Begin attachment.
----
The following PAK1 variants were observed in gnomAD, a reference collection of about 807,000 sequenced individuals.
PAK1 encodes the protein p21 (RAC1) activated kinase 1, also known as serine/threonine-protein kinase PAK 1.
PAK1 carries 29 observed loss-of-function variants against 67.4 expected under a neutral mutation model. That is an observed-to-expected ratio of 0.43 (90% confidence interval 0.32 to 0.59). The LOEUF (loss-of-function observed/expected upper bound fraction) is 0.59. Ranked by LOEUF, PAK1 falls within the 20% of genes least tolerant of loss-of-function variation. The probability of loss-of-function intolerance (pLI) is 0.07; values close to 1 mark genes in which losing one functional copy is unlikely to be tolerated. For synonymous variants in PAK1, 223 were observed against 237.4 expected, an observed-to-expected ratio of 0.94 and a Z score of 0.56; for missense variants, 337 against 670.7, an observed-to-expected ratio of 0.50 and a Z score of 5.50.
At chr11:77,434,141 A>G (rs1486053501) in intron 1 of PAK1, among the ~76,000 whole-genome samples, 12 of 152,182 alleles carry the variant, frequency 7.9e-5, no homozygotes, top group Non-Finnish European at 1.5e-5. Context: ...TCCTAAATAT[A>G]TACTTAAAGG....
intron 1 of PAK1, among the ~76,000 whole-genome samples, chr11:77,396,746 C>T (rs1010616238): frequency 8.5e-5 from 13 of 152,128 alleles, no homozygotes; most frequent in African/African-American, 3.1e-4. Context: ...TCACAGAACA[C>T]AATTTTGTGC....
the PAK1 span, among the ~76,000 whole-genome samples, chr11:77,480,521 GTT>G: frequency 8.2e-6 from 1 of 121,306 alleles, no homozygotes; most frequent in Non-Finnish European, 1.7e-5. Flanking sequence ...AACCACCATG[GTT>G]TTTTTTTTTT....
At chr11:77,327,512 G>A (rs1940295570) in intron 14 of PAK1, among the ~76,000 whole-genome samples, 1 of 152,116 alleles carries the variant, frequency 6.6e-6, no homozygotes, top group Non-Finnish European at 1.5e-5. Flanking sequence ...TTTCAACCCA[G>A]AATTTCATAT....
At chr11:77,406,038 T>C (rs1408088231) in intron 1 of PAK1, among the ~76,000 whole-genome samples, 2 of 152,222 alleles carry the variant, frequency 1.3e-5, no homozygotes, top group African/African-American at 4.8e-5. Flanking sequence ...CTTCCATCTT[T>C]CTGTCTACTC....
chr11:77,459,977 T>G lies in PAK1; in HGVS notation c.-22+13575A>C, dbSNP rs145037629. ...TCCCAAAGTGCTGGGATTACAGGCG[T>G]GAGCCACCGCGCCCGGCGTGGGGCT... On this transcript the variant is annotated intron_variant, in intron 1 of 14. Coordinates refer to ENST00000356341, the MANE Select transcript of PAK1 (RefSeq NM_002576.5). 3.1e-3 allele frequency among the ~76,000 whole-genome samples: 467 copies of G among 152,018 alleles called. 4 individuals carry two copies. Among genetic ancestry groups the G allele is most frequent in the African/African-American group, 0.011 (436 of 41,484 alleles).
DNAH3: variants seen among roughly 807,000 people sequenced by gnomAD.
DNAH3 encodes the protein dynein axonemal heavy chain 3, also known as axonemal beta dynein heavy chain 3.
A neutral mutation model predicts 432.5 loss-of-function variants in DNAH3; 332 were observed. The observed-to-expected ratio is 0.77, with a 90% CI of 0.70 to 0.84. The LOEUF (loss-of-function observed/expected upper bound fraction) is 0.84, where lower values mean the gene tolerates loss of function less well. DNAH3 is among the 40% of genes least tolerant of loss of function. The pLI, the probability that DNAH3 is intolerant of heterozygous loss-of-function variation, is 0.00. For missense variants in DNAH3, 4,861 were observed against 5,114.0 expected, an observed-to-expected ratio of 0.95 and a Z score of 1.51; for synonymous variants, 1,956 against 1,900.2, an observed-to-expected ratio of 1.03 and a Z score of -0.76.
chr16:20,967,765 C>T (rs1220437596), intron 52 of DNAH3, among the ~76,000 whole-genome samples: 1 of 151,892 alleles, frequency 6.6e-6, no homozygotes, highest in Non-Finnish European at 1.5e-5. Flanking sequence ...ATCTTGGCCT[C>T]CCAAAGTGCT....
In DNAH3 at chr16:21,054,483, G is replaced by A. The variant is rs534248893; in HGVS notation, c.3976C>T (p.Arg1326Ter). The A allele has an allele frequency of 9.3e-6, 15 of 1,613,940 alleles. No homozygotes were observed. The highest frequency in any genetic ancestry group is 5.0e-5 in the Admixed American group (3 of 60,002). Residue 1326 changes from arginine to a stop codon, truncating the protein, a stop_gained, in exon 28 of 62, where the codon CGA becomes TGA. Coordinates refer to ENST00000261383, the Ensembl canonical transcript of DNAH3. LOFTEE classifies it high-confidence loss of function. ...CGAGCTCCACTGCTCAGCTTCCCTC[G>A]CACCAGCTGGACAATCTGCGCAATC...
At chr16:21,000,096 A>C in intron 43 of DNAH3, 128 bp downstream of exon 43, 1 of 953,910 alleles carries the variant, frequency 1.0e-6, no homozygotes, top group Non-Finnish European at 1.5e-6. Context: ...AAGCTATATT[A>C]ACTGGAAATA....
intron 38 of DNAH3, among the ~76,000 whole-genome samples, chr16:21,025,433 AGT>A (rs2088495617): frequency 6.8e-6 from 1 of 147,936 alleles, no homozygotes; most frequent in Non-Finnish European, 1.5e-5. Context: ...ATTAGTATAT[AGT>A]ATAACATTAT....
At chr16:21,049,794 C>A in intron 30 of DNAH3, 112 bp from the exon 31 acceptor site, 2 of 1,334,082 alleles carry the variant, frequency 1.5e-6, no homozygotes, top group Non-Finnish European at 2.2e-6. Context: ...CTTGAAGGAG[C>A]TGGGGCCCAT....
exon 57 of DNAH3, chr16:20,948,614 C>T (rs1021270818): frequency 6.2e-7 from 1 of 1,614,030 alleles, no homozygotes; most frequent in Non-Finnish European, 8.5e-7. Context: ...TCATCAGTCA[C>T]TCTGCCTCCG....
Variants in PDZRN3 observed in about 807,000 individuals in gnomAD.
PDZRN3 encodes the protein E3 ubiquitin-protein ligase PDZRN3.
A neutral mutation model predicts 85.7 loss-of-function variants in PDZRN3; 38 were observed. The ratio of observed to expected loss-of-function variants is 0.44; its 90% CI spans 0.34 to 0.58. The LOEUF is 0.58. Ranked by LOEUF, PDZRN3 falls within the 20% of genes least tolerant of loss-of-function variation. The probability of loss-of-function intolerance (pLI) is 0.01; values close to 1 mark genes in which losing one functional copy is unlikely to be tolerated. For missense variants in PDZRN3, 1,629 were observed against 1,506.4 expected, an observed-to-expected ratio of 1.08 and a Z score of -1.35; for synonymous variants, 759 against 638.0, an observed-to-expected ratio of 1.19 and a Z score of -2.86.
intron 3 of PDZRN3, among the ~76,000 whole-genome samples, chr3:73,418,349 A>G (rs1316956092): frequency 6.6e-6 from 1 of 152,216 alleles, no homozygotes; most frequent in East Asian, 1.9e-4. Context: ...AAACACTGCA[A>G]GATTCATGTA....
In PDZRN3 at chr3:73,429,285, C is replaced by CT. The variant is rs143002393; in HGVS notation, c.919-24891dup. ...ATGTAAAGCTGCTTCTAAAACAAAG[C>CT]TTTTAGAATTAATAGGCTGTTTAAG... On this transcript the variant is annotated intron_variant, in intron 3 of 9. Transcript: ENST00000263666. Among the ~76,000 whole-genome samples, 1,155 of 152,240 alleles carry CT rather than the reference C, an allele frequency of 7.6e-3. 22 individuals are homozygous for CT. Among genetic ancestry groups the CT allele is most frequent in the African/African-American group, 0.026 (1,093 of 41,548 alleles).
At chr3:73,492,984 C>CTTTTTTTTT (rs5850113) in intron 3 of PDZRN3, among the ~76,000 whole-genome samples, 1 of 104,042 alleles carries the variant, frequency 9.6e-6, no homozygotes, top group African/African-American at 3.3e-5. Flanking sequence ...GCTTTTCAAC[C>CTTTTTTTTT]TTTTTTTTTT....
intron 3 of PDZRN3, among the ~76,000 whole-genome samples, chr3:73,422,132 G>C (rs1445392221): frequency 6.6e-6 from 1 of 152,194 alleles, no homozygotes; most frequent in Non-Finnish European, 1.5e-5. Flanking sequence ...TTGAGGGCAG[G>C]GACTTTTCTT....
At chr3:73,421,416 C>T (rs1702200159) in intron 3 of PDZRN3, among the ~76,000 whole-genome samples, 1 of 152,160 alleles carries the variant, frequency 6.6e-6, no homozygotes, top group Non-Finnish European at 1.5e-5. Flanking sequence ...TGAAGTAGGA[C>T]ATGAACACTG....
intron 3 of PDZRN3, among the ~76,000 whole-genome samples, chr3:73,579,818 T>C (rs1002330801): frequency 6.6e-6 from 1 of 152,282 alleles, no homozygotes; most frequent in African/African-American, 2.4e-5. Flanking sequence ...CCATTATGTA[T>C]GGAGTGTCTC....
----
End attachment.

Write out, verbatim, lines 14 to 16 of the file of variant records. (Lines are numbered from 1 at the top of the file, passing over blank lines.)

In DNAH3 at chr16:21,054,483, G is replaced by A. The variant is rs534248893; in HGVS notation, c.3976C>T (p.Arg1326Ter). The A allele has an allele frequency of 9.3e-6, 15 of 1,613,940 alleles. No homozygotes were observed. The highest frequency in any genetic ancestry group is 5.0e-5 in the Admixed American group (3 of 60,002). Residue 1326 changes from arginine to a stop codon, truncating the protein, a stop_gained, in exon 28 of 62, where the codon CGA becomes TGA. Coordinates refer to ENST00000261383, the Ensembl canonical transcript of DNAH3. LOFTEE classifies it high-confidence loss of function. ...CGAGCTCCACTGCTCAGCTTCCCTC[G>A]CACCAGCTGGACAATCTGCGCAATC...
At chr16:21,000,096 A>C in intron 43 of DNAH3, 128 bp downstream of exon 43, 1 of 953,910 alleles carries the variant, frequency 1.0e-6, no homozygotes, top group Non-Finnish European at 1.5e-6. Context: ...AAGCTATATT[A>C]ACTGGAAATA....
intron 38 of DNAH3, among the ~76,000 whole-genome samples, chr16:21,025,433 AGT>A (rs2088495617): frequency 6.8e-6 from 1 of 147,936 alleles, no homozygotes; most frequent in Non-Finnish European, 1.5e-5. Context: ...ATTAGTATAT[AGT>A]ATAACATTAT....